Riluzole, an antiglutaminergic, is the only disease-modifying agent currently licensed for use in ALS[2]. Riluzole reduces damage to motor neurons by decreasing the release of glutamate, which reduces glutamate receptor stimulation and helps to regulate intracellular calcium concentrations in the neuron[11]. This prevents the initiation of apoptosis by mitochondria sensitive to high calcium levels. Riluzole does not reverse damage already done to motor neurons.

The National Institute for Health and Care Excellence (NICE) recommends riluzole should only be initiated by a neurology specialist, following a complete assessment of a patient’s symptoms. It is taken orally as one 50mg tablet twice a day.

Riluzole tablets should be swallowed whole, although the tablets can be crushed and mixed with soft food for patients with difficulty swallowing. Crushed tablets should be taken immediately because of stability problems. Riluzole does not dissolve well in water, and should not be administered by a percutaneous endoscopic gastronomy (PEG) feed as it may block the tubing[10].

The most common side effects of riluzole are weakness, dizziness, diarrhoea and abdominal pain[11]. Riluzole may cause liver damage, and should be used with caution in patients with a history of abnormal hepatic function. Other side effects include interstitial lung disease and neutropenia, and patients should be advised to seek immediate medical attention if symptoms such as fever occur.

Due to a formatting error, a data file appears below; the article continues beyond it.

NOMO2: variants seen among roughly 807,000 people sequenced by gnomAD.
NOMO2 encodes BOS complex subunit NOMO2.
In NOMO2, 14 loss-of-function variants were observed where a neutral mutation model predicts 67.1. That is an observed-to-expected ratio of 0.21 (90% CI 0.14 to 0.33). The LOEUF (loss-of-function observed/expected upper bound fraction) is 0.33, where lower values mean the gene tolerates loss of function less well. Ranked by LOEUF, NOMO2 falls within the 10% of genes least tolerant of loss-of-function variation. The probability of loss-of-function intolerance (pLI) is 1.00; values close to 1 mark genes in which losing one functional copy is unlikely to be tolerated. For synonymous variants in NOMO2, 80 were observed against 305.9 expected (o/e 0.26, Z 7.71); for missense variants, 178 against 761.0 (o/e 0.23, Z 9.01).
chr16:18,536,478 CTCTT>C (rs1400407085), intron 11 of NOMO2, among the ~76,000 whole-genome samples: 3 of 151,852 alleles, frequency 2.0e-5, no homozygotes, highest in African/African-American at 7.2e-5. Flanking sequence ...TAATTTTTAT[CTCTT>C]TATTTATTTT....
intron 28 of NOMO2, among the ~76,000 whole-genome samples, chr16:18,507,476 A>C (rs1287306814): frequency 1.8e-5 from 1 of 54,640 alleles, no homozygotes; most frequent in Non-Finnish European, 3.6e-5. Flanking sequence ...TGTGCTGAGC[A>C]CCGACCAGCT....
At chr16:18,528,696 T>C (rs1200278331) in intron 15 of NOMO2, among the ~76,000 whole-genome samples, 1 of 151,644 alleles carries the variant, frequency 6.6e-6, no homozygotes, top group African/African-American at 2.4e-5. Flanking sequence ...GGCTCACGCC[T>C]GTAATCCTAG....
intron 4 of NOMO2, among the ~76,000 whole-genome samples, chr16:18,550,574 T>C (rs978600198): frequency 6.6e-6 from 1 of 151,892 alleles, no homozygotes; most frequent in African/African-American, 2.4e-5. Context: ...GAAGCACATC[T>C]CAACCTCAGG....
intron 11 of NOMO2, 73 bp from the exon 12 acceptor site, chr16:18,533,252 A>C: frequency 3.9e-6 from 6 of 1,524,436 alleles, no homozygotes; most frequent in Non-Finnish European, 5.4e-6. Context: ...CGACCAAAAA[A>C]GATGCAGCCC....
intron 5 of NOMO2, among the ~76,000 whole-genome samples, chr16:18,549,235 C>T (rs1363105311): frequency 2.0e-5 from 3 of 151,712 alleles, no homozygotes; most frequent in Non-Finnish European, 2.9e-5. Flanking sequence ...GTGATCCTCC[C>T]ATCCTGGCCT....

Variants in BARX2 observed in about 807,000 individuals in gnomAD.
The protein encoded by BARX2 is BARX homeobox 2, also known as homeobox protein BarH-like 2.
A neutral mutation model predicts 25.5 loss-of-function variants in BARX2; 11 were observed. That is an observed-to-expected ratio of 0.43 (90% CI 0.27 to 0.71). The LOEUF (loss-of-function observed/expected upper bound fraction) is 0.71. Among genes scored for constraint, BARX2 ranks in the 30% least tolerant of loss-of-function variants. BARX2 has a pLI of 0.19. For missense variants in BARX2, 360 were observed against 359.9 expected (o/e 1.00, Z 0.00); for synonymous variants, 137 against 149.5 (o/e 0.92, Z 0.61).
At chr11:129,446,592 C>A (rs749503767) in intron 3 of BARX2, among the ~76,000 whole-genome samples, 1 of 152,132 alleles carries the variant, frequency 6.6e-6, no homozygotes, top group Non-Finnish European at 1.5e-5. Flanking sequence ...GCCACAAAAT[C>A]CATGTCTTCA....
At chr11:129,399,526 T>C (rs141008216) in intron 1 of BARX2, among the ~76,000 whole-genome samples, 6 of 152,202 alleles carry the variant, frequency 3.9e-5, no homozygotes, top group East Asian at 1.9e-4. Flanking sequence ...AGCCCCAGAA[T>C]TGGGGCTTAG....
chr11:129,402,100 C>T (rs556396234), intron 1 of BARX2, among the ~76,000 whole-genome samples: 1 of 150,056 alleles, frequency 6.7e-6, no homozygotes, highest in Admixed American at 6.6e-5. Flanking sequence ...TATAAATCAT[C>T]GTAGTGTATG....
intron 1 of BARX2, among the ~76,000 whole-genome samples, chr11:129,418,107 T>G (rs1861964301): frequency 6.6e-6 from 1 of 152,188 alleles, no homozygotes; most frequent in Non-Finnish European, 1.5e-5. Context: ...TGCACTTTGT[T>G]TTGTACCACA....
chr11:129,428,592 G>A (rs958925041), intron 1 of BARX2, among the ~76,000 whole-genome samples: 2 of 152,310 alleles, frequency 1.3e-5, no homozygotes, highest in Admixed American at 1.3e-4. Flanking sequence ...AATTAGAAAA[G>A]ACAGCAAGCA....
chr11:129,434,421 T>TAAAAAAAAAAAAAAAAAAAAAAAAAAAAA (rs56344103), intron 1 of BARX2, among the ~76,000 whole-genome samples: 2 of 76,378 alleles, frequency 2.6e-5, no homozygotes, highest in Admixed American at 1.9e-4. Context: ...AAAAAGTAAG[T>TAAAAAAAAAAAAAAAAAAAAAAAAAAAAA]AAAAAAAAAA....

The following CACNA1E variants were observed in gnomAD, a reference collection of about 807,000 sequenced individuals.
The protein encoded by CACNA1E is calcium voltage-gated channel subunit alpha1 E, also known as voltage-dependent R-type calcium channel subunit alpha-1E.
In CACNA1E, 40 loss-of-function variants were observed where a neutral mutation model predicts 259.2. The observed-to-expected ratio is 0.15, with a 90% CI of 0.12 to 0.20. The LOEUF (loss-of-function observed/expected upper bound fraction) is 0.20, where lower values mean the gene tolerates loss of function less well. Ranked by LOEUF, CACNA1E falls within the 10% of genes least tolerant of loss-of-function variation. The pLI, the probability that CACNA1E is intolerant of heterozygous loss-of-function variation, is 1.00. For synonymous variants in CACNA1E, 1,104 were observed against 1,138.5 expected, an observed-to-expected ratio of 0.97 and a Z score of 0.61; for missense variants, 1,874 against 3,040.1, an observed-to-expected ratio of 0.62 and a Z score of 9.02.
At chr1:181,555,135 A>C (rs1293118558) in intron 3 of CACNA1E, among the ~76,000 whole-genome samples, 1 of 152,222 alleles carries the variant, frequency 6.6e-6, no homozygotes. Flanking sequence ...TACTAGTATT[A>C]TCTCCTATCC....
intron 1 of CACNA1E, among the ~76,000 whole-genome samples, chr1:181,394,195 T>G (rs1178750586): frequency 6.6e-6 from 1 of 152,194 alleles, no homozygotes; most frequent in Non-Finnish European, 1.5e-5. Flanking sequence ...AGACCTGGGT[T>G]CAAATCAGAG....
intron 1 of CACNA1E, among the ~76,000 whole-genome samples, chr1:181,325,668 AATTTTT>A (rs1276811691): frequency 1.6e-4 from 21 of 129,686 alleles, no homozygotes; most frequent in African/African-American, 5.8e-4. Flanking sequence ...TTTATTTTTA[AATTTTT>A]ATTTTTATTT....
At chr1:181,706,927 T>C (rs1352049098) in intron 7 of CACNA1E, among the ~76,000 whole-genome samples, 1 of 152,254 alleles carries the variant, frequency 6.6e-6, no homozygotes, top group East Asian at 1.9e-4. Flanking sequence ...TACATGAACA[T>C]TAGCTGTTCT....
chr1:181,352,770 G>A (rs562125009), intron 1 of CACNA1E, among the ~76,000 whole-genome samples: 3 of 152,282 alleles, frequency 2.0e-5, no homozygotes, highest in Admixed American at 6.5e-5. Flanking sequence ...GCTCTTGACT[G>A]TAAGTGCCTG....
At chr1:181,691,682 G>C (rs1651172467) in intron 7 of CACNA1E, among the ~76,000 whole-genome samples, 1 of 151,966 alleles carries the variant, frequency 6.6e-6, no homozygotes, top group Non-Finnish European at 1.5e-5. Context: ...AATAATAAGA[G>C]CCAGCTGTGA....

NICE recommends patients taking riluzole have monthly liver function tests. A full blood count should be performed on initiation of therapy, and repeated monthly for three months, then three-monthly for the first year, then annually.

The estimated annual cost of treatment with riluzole is around £3,742, including the costs of monitoring[2].

Patients most likely to benefit from treatment with riluzole include those who: have symptoms present for less than five years; have a vital lung capacity greater than the 60% predicted; do not require a tracheotomy and in whom other causes of progressive muscle atrophy have been ruled out. Unfortunately, the effects of riluzole on disease progression are modest, and increased survival time is measured in months rather than years[12].

Future ALS treatment options

A range of other treatment options for ALS have been explored, including alternative glutamate antagonists, antiapoptotic agents and antioxidants.

Trials involving the use of antisense oligonucleotide therapy for SOD1-associated familial ALS, retigabine and tocilizumab are showing some promise, although these are still ongoing.

Patrick Russell is a care of the elderly pharmacist and Richard Harrison is a respiratory consultant, both at North Tees and Hartlepool Foundation Trust. 

Citation: Clinical Pharmacist DOI: 10.1211/CP.2014.20066424

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  • Stephen Hawking, who suffers from amyotrophic lateral sclerosis, during a TED conference